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In writing, hypotaxis refers to the use of subordinate clauses in sentences to express individual but related thoughts within the sentence. It is also used when the writer is conveying logical, temporal, or causal relationships between pieces of information in the sentence. As a literary device, the subordinate clauses give precise meaning to the main thought expressed by the sentence. Hypotactic writing is also effective as a tool of persuasion or argument.
The term hypotaxis is derived from the Greek word meaning “subjection.” A subordinate clause is subject to an independent clause, in the sense that it helps define the precise meaning of the clause. “The flowers were blooming, we sang songs” are independent clauses. If the first independent clause is changed to “Because the flowers were blooming,” it becomes a subordinate clause that explains to the reader the reason for the singing.
A hypotactic writing style allows a sentence to provide a great deal of background and information about what is being said and why. Instead of alternating simple and compound sentences, hypotaxis relies on more complex sentences to explain a thought or observation. The use of subordinate clauses amplifies the central impression.
For example, in Notes of a Native Son, American writer James Baldwin uses it to describe his father’s dealings with white social workers and bill collectors. “It was almost always my mother who dealt with them, for my father's temper, which was at the mercy of his pride, was never to be trusted. It was clear that he felt their very presence in his home to be a violation: this was conveyed by his carriage, almost ludicrously stiff, and by his voice, harsh and vindictively polite.”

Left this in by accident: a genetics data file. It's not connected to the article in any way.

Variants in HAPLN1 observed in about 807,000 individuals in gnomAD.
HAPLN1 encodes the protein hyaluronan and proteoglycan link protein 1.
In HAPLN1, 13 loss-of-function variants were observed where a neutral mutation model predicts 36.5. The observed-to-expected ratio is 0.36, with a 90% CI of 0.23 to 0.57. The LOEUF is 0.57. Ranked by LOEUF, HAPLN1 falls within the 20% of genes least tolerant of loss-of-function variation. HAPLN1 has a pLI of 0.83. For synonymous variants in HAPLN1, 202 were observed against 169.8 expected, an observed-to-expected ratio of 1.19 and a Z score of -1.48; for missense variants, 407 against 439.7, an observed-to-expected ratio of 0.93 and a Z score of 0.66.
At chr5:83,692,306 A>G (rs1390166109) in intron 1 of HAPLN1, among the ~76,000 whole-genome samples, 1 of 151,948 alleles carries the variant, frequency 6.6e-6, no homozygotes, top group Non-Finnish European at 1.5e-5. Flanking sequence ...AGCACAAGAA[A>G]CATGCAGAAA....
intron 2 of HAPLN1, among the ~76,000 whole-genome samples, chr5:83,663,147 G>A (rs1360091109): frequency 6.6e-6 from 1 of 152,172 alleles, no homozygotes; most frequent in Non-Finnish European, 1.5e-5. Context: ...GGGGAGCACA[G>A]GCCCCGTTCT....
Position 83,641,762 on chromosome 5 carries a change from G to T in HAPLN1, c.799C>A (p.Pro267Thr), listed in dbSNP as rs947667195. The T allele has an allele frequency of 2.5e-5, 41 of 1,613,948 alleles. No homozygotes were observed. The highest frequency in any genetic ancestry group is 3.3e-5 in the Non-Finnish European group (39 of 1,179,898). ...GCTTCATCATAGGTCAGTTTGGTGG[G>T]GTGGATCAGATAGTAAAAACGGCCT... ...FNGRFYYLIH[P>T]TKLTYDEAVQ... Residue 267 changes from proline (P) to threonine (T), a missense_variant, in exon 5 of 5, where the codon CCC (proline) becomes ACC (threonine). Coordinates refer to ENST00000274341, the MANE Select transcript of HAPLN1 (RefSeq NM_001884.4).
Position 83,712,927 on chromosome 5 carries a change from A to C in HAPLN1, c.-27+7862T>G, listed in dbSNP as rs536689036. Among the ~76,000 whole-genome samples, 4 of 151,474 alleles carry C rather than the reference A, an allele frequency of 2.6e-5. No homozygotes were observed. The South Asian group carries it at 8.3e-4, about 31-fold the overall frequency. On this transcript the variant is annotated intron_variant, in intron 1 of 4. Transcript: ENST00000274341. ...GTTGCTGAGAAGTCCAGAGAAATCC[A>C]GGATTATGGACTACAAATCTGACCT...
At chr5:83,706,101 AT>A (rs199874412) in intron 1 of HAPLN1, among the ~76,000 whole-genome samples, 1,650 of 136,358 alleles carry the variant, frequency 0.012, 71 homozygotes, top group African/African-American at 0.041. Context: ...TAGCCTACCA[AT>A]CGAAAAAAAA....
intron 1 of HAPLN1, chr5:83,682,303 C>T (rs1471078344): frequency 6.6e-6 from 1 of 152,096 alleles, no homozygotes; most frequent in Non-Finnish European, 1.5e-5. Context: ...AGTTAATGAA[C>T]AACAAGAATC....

The use of hypotaxis can allow a writer to include ideas about time within a description to make it more explicit. American novelist William Faulkner, known for his hypotactic sentences, employs one to describe a period of recuperation. “He did not feel weak, he was merely luxuriating in that supremely gutful lassitude of convalescence in which time, hurry, doing, did not exist, the accumulating seconds and minutes and hours to which in its well state the body is slave both waking and sleeping, now reversed and time now the lip-server and mendicant to the body's pleasure instead of the body thrall to time's headlong course.”
Hypotaxis is the opposite of parataxis, which uses short, independent clauses. Parataxis is a more direct style of writing and sometimes leaves shades of meaning to the reader. It can also forcefully covey an idea with few words. Roman emperor Julius Caesar’s famous phrase “I came, I saw, I conquered” is an example of parataxis.
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